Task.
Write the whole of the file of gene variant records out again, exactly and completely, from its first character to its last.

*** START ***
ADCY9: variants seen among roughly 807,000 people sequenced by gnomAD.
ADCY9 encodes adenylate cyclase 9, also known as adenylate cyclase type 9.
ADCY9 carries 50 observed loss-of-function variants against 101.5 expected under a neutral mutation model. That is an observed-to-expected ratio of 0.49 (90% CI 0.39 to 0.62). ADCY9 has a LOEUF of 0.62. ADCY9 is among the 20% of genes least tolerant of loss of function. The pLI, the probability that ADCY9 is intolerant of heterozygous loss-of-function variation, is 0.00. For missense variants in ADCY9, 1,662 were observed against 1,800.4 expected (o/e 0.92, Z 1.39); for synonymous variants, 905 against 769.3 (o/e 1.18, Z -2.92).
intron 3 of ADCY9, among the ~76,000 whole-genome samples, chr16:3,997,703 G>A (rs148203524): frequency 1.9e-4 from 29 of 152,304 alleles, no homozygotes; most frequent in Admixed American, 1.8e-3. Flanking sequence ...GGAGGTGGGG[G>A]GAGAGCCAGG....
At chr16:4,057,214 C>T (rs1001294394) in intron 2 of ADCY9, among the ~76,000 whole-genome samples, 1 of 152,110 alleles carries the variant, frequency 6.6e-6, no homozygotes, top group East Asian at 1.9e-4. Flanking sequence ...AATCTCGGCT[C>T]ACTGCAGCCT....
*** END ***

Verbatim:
ADCY9: variants seen among roughly 807,000 people sequenced by gnomAD.
ADCY9 encodes adenylate cyclase 9, also known as adenylate cyclase type 9.
ADCY9 carries 50 observed loss-of-function variants against 101.5 expected under a neutral mutation model. That is an observed-to-expected ratio of 0.49 (90% CI 0.39 to 0.62). ADCY9 has a LOEUF of 0.62. ADCY9 is among the 20% of genes least tolerant of loss of function. The pLI, the probability that ADCY9 is intolerant of heterozygous loss-of-function variation, is 0.00. For missense variants in ADCY9, 1,662 were observed against 1,800.4 expected (o/e 0.92, Z 1.39); for synonymous variants, 905 against 769.3 (o/e 1.18, Z -2.92).
intron 3 of ADCY9, among the ~76,000 whole-genome samples, chr16:3,997,703 G>A (rs148203524): frequency 1.9e-4 from 29 of 152,304 alleles, no homozygotes; most frequent in Admixed American, 1.8e-3. Flanking sequence ...GGAGGTGGGG[G>A]GAGAGCCAGG....
At chr16:4,057,214 C>T (rs1001294394) in intron 2 of ADCY9, among the ~76,000 whole-genome samples, 1 of 152,110 alleles carries the variant, frequency 6.6e-6, no homozygotes, top group East Asian at 1.9e-4. Flanking sequence ...AATCTCGGCT[C>T]ACTGCAGCCT....